MINI E was only the first phase of Project i. After the completion of this phase, the BMW Group moved to the second phase, releasing the BMW Active E. ActiveE was based on the BMW 1 Series Coupe and it was built according to the results from the first phase.
The last phase from Project i is the i3 car, that recently became available to the market. It is the first all-electric vehicle from the BMW Group, implementing all the technologies and insight resulted from the Project i, from both the MINI E and ActiveE. The BMW i3 is the flagship of the vision of the BMW Group to the future of the electric mobility in urban environment. It is also a possible solution for the Group to meet the stringent emissions regulations that will come in the following years.
The final word
MINI, following the path of the rest of the BMW Group, will eventually go to electric cars. This transition is not easy, as a lot of factors are keeping the dependence on fossil fuels. Despite that fact, the future is very promising, with electric cars already available on the market. New technologies will make electric cars less heavy, using new types of battery packs. Furthermore, adding more charging stations across the cities and shifting to renewable energy resources like the solar and the wind energy will increase both efficiency and sustainability for a greener environment. The BMW Group and MINI are aiming towards that perspective.
- Constant, A. (2009) The all-electric version of the MINI is being trialled in Britain. [online] available from http://www.telegraph.co.uk/motoring/green-motoring/6452749/MINI-E-review.html [25 November 2013] Comments: Review of the MINI E in UK.
- Cropley, S. (2009) Mini E – All-electric city car proves the future of motoring is still bright [online] available from http://www.autocar.co.uk/car-review/mini/e/first-drives/mini-e [25 November 2013] Comments: Review and pictures of the MINI E tested in UK.
- Berman, B (2010) Mini E [online] available from http://www.plugincars.com/mini-e/review [26 November 2013] Comments: Review of the MINI E tested in U.S.A.
- BMW Group (2013) Mobility of the Future – Project i [online] available from http://www.bmwgroup.com/bmwgroup_prod/e/0_0_www_bmwgroup_com/forschung_entwicklung/mobilitaet_der_zukunft/project_i/project_i.html [26 November 2013] Comments: the official webpage of the Project i, with various details for all the phases of the project, including the MINI E.
- CAR AND DRIVER (2009) Mini E charging port [online] available from http://www.caranddriver.com/photos-11q1/396162/2009-mini-e-charging-port-photo-406073 [28 November 2013] Comments: Picture of the charging port of MINI E.
- Holder, J. (2013) BMW to focus on electric power [online] available from http://www.autocar.co.uk/car-news/industry/bmw-focus-electric-power [26 November 2013] Comments: An article about the electrification of the future BMW Group vehicles.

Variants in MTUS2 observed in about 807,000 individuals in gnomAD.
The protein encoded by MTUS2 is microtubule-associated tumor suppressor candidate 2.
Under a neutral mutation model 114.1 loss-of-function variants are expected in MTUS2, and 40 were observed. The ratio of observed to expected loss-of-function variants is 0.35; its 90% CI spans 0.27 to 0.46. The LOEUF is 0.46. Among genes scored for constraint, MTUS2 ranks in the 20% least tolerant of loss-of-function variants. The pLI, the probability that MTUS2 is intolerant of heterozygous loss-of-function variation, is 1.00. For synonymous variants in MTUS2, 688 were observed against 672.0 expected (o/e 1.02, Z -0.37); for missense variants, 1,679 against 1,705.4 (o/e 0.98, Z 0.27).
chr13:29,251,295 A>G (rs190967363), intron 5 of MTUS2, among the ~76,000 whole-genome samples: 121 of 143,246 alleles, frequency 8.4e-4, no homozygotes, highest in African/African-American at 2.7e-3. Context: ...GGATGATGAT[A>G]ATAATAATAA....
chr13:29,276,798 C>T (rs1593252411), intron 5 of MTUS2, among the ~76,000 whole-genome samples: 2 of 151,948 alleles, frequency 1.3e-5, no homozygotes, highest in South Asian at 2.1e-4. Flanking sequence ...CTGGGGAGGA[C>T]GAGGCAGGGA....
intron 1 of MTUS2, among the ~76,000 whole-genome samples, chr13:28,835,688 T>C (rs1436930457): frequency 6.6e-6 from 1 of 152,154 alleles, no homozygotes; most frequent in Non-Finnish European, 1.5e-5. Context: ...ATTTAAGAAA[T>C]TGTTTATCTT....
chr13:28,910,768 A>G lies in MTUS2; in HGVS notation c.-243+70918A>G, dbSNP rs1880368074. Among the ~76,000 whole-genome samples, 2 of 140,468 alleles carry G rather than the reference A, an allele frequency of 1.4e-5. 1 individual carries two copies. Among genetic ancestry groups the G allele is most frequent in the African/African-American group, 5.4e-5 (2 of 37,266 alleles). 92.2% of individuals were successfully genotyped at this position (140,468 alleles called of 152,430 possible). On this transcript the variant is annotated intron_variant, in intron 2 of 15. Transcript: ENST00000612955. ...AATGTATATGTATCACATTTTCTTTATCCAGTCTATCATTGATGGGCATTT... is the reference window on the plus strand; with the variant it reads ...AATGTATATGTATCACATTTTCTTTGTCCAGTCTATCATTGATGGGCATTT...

- Carter, M. (2009) Electric-Powered MINI E Delayed Due to High Demand [online] available from http://www.thetorquereport.com/2009/02/electricpowered_mini_e_delayed.html [26 November 2013] Comments: Brief description and images of MINI E.
- Trepp, P. (2009) Plugged-In with Peter’s Mini E – A One-Year Driving Experience [online] available from http://petersminie.blogspot.co.uk/ [26 November 2013] Comments: A personal experience shared from one of the test users of MINI E.
- Wikipedia (2013) Mini E [online] available from http://en.wikipedia.org/wiki/Mini_E [27 November 2013] Comments: Various information about the MINI E
- Wikipedia (2013) BMW ActiveE [online] available from http://en.wikipedia.org/wiki/BMW_ActiveE [27 November 2013] Comments: Information for BMW ActiveE
- Wikipedia (2013) BMW i3 [online] available from http://en.wikipedia.org/wiki/BMW_i3 [26 November 2013] Comments: Interesting information for BMW i3 and the Project i from BMW Group
- Wikipedia (2013) The Italian Job (2003 film) [online] available from http://en.wikipedia.org/wiki/The_Italian_Job_%282003_film%29 [28 November 2013] Comments: Information about the remake of the movie ‘The Italian Job’ in 2003
- IMBD (unknown) The Italian Job (2003) – Trivia [online] available from http://www.imdb.com/title/tt0317740/trivia [28 November 2013] Comments: Interesting details about the MINIs appearing in the movie ‘The Italian Job’ (2003)
- Seeing Stars (unknown) The Italian Job Filming Locations Part 2 [online] available from http://www.seeing-stars.com/locations/ItalianJob2.shtml [28 November 2013] Comments: Screenshot from the movie ‘The Italian Job’ with the MINI in the subway chase.
- Worldcarfans (unknown) MINI E Photos [online] available from http://www.worldcarfans.com/209011916365/mini-e/photos [28 November 2013] Comments: Images of the MINI E